CSR vs Giving back
The Middle East is a region of diversity, with people from multicultural backgrounds. Despite the differences, there is one strong trait common in most people in the region: the spirit of giving and helping others. Whether it is on an individual basis or at a community level, it is strongly pronounced and regularly practiced. But not all good acts are made for the same reasons. How can we distinguish today an act of giving back or supporting a particular cause from the hunger for publicity and fame?
A lot of companies run regular CSR events and have dedicated teams that take care of such initiatives. Some causes are being overly supported as they get more publicity every year, breast cancer awareness for example. But when it comes to giving, is it ethical enough to support popular causes or should it be about making the difference?
For more than 14 years, Active has been running multiple CSR campaigns for its clients in the Middle East. In the meantime, it offers free PR services to such nonprofit organizations as Shukran Workers and Team Angel Wolf and knows what mistakes companies shouldn’t be making when it comes to giving.
- Make the difference!
Don’t just talk about your good deed and commitment, message the bottom line that you expect from your efforts. Is this the cause that really requires more support from the community? Whether it is sustainability or underprivileged children, do more than just one event a year showing how responsible you are. The end result should be better awareness about the cause amongst the target community and not the greatness and generosity of your organization.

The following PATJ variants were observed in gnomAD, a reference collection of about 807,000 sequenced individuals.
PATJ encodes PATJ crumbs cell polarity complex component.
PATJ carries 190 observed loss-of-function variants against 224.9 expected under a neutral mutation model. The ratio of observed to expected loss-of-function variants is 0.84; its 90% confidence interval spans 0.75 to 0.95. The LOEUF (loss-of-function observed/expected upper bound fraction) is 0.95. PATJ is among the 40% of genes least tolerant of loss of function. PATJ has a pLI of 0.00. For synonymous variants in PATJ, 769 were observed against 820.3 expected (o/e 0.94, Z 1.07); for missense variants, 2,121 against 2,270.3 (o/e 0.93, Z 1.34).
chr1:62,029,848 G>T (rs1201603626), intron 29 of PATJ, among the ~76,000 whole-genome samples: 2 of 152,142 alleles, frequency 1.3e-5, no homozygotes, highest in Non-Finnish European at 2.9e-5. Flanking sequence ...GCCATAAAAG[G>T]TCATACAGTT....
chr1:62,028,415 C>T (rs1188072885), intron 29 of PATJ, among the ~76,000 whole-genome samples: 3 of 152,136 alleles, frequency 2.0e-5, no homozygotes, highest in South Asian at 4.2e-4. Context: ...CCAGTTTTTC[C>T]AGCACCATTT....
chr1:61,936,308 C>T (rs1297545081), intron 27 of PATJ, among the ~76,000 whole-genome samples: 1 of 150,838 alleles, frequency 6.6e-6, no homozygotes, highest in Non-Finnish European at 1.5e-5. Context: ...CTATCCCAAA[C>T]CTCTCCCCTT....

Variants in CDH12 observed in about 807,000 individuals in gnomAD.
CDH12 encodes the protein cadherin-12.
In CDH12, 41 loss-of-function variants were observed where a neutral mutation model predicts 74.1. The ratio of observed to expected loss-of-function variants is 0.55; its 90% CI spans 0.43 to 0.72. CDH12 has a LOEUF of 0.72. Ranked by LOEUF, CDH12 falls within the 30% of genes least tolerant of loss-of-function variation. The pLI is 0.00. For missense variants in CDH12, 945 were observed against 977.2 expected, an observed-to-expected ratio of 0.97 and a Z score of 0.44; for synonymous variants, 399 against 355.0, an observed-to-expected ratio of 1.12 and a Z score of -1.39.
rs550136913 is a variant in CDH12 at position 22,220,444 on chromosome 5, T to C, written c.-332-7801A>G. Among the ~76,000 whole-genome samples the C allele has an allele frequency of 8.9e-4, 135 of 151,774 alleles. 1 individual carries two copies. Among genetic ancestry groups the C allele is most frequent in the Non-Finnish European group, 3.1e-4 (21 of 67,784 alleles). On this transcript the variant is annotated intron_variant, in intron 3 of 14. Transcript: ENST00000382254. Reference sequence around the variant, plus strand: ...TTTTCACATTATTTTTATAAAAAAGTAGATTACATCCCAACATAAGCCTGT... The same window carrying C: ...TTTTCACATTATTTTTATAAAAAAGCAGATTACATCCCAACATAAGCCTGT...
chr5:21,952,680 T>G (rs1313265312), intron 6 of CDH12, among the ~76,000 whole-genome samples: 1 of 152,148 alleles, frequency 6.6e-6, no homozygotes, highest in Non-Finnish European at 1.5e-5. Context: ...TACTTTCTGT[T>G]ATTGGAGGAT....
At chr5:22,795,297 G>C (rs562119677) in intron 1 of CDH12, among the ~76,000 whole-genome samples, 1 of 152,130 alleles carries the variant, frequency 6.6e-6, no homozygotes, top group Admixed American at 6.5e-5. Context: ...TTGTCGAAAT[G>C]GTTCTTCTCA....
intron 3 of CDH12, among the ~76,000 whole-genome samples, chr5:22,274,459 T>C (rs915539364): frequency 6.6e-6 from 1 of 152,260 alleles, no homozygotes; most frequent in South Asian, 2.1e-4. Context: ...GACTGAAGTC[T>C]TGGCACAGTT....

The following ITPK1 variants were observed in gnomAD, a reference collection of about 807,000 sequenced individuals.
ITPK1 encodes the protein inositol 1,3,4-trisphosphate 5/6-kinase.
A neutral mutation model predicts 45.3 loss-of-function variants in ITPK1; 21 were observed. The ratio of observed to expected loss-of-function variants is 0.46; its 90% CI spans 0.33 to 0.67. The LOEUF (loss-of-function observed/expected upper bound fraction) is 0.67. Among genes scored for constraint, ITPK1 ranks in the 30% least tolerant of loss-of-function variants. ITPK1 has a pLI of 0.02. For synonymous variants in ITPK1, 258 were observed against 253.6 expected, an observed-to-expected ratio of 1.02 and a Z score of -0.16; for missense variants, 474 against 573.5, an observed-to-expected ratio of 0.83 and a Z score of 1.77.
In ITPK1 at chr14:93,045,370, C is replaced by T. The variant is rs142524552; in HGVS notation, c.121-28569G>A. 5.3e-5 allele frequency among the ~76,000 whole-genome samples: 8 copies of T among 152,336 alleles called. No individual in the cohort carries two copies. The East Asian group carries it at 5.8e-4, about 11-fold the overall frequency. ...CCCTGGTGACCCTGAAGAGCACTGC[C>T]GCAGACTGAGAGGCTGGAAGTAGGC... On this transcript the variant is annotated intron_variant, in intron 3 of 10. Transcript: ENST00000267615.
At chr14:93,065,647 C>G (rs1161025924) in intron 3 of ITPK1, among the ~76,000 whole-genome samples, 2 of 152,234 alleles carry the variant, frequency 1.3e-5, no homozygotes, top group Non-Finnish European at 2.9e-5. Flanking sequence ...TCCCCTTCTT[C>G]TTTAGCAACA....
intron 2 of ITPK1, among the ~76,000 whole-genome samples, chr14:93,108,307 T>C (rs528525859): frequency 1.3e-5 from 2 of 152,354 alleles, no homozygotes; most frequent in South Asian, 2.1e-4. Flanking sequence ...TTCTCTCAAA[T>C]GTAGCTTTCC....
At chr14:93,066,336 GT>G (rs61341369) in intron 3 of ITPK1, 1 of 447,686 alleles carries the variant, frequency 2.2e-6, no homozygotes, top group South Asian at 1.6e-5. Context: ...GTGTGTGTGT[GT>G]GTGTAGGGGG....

- Keep it relevant to your business as much as possible
It is absolutely normal for companies to participate or run initiatives that are less relevant to the origin of their business. But do you really want to tell the world that your business supported a local cat shelter, while your main focus should be on sustainability? Should a local retail bank for instance shout out about a free lunch they offered to 1,000 construction workers, or should they make an emphasis on free financial planning seminars they have organized for local SMEs? It is important to stay consistent and be associated with the cause that relates to your business the most. You should also make sure the news you promote is tied into an overall strategy. If you don’t have a CSR strategy, get one.
- Contribute as a team and not just as an entity!
If you decided to support particular causes or participate in bigger initiatives that are supported by many, don’t just do it to tick it off. Make sure that the whole company is aware, message it properly internally and get as many employees and stakeholders involved. Whether a beach clean-up or food baskets for underprivileged people, allow your team to take a physical rather than financial part in it. It will reflect positively on the culture of the organization, build the spirit of unity internally and will appear as genuine in the media. It will also offer another great opportunity for the company under the form of social media content that can be shared and promoted.
No matter what the company does and what cause it decides to support, there is always a chance for any CSR activity to go wrong. If anything at all goes wrong with your CSR initiative, be as honest and transparent as possible. Hiding in the era of digital technologies, when news gets spread with the speed of light, will not serve you well.